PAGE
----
from The American Heritage® Dictionary of the English Language, 4th Edition
- n. A ballroom dance of Dominican and Haitian folk origin, characterized by a sliding step.
- n. Music for this dance, in rapid 2/4 time.
from Wiktionary, Creative Commons Attribution/Share-Alike License
- n. A type of music common in the Caribbean.
- n. A song performed in this style.
- v. To dance to merengue music.
Finally spread this "merengue" over the pie and simmer in the oven until the merengue takes a golden hue.
Latin and international rhythms, such as merengue and salsa, as well as aerobic exercises to give a good cardio work out.
Inspired by Fergie of The Black Eyed Peas, the dress was a strapless form-fitting style that had a detachable skirt—so after the ceremony she could merengue the night away!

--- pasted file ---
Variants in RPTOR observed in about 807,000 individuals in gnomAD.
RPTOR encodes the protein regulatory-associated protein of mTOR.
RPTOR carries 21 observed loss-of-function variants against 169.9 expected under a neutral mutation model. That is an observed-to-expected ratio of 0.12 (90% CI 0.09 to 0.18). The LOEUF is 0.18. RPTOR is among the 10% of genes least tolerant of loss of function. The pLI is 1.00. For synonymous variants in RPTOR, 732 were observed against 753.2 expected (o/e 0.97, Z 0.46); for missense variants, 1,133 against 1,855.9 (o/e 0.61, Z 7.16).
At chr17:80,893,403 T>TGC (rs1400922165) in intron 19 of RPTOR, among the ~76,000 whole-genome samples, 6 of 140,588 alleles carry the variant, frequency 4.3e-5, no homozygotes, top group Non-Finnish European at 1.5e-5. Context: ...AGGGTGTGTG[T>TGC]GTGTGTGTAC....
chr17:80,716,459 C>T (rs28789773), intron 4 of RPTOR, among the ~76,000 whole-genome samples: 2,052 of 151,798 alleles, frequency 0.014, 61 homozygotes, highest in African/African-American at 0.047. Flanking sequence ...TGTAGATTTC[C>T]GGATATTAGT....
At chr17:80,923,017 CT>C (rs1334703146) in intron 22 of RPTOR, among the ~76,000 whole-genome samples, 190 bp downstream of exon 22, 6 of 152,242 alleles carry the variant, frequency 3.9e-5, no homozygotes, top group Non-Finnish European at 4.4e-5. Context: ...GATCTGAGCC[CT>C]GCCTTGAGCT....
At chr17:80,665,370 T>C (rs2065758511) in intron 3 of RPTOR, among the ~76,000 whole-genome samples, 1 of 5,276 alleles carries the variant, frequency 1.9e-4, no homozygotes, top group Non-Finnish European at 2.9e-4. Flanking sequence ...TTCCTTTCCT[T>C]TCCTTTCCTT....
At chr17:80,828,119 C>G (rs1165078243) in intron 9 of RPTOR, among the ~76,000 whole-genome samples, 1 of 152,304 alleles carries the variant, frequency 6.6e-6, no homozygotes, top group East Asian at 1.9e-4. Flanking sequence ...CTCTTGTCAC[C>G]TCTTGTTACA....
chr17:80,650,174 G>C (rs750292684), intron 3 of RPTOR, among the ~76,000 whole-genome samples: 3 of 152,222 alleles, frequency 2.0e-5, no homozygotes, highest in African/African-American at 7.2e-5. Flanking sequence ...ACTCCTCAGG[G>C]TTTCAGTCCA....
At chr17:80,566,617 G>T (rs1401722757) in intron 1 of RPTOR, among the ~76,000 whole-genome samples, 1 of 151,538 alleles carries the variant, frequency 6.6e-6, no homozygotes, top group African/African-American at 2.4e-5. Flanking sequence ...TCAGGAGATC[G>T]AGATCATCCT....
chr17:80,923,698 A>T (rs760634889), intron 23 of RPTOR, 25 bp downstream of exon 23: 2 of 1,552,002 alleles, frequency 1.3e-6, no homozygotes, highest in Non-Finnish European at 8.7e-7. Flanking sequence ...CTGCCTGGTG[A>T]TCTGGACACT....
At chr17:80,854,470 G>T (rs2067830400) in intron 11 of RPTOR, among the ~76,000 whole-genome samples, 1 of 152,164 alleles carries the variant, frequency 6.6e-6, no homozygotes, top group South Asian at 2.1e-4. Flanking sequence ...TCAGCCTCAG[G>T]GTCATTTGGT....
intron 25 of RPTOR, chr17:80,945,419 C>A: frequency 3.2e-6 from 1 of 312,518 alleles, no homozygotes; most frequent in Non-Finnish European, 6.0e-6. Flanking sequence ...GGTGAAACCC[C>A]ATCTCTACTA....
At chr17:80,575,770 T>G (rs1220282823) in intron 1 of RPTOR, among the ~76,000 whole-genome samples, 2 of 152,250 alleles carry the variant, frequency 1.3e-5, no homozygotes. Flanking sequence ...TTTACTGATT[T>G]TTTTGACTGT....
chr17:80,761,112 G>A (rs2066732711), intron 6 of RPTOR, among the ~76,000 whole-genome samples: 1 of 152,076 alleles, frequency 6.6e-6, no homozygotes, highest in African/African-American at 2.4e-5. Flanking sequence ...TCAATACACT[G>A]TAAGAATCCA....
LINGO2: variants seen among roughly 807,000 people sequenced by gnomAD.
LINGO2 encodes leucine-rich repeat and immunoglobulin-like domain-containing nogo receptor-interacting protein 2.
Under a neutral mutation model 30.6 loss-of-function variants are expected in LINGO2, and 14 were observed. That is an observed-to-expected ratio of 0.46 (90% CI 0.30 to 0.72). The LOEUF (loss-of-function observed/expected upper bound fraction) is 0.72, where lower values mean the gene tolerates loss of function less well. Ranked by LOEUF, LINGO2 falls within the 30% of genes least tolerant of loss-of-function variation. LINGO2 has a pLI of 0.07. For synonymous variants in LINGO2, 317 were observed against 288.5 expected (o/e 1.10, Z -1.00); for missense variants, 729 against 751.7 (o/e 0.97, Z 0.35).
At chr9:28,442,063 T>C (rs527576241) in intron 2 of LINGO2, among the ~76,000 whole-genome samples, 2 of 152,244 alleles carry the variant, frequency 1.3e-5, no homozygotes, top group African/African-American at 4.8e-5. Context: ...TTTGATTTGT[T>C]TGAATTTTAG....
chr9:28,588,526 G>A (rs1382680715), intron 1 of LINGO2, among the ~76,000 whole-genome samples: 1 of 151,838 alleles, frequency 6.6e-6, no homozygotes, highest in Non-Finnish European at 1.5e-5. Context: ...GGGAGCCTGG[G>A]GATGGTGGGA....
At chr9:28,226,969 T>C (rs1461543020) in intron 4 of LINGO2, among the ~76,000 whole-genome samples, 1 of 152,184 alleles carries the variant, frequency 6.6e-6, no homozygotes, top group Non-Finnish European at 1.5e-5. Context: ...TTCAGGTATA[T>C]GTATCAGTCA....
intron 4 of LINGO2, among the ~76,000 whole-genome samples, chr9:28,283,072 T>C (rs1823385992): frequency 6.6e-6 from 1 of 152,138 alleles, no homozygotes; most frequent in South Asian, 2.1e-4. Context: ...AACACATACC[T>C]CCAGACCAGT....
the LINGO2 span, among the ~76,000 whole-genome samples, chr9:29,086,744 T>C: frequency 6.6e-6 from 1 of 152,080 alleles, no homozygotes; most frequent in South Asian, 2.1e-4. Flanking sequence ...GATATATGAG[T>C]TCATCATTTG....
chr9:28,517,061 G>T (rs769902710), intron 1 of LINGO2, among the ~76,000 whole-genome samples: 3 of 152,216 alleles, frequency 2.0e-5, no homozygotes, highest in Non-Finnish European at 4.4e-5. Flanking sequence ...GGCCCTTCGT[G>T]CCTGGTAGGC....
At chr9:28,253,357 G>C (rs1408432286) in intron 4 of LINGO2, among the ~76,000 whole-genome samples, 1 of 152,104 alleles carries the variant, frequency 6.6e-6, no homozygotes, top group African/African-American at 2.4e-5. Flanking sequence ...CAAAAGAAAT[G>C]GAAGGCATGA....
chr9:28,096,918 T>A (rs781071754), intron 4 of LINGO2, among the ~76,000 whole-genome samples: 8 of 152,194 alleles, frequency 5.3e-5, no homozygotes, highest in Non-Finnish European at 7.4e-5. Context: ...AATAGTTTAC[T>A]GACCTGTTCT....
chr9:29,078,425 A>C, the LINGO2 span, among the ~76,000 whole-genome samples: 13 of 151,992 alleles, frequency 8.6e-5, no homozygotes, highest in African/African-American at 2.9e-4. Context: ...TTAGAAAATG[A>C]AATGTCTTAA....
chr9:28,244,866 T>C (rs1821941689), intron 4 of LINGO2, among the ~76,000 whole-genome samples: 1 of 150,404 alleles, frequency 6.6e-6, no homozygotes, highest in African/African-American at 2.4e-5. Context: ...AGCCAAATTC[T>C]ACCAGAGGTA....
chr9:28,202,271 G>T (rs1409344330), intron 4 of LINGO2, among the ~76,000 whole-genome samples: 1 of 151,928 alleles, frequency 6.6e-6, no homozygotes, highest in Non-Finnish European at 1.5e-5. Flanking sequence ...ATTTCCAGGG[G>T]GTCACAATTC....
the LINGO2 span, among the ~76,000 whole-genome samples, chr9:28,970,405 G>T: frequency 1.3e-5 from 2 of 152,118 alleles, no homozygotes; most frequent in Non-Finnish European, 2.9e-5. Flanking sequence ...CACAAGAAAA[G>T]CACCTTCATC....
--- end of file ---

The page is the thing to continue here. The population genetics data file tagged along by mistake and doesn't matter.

"Loca" is hip-hop merengue performed in two languages, with assistance from Dominican rapper El Cata and English rapper Dizzee Rascal, with little appreciable difference between the versions; "Lo Que Más" is one of a handful of doleful ballads; the Pitbull-assisted "Rabiosa" is giddy, rapid-fire Latin pop.
The clip Reyes selected, to the casual listener at least, seemed to only feature two words: Jose and Reyes, repeated over and over again to a merengue beat.
Latin and Caribbean music are healthily represented from merengue, to salsa, to the Puerto Rican dance beats of reggaeton.
Confronted in the lab with an infectious Latin merengue song, played at 116 or 124 beats per minute, Mathieu bounced tentatively and erratically as a multimedia addendum to the paper shows, representing Mathieu's movements with a dot.
On the menu was tarte flambe, charcuterie, and a merengue.
The workouts here each feature one Latin dance style -- cha-cha, salsa, merengue, samba or rhumba.
Mr. Davis inserted an onstage merengue band into the nightclub where Delacruz meets his mistress Estella (Mabel Ledo), but its hint of Latin American flavor only made Mr. Davis's other music sound duller by comparison.
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